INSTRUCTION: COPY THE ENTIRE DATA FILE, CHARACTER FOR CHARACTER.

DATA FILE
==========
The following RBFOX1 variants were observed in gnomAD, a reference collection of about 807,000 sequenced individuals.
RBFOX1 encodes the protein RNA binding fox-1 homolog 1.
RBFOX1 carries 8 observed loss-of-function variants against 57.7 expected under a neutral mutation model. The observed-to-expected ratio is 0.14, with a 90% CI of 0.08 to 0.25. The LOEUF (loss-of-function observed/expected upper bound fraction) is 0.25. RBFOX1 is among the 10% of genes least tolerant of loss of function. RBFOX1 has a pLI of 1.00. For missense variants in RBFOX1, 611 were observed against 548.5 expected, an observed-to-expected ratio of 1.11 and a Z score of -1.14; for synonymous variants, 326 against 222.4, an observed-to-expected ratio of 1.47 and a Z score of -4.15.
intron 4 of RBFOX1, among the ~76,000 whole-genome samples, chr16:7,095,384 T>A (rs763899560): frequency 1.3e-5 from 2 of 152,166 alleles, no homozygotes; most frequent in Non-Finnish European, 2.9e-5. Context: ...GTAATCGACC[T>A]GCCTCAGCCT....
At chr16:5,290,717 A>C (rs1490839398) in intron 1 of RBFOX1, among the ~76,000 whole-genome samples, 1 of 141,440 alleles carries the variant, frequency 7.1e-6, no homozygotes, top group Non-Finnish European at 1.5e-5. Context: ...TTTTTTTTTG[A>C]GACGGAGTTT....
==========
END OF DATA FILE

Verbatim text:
The following RBFOX1 variants were observed in gnomAD, a reference collection of about 807,000 sequenced individuals.
RBFOX1 encodes the protein RNA binding fox-1 homolog 1.
RBFOX1 carries 8 observed loss-of-function variants against 57.7 expected under a neutral mutation model. The observed-to-expected ratio is 0.14, with a 90% CI of 0.08 to 0.25. The LOEUF (loss-of-function observed/expected upper bound fraction) is 0.25. RBFOX1 is among the 10% of genes least tolerant of loss of function. RBFOX1 has a pLI of 1.00. For missense variants in RBFOX1, 611 were observed against 548.5 expected, an observed-to-expected ratio of 1.11 and a Z score of -1.14; for synonymous variants, 326 against 222.4, an observed-to-expected ratio of 1.47 and a Z score of -4.15.
intron 4 of RBFOX1, among the ~76,000 whole-genome samples, chr16:7,095,384 T>A (rs763899560): frequency 1.3e-5 from 2 of 152,166 alleles, no homozygotes; most frequent in Non-Finnish European, 2.9e-5. Context: ...GTAATCGACC[T>A]GCCTCAGCCT....
At chr16:5,290,717 A>C (rs1490839398) in intron 1 of RBFOX1, among the ~76,000 whole-genome samples, 1 of 141,440 alleles carries the variant, frequency 7.1e-6, no homozygotes, top group Non-Finnish European at 1.5e-5. Context: ...TTTTTTTTTG[A>C]GACGGAGTTT....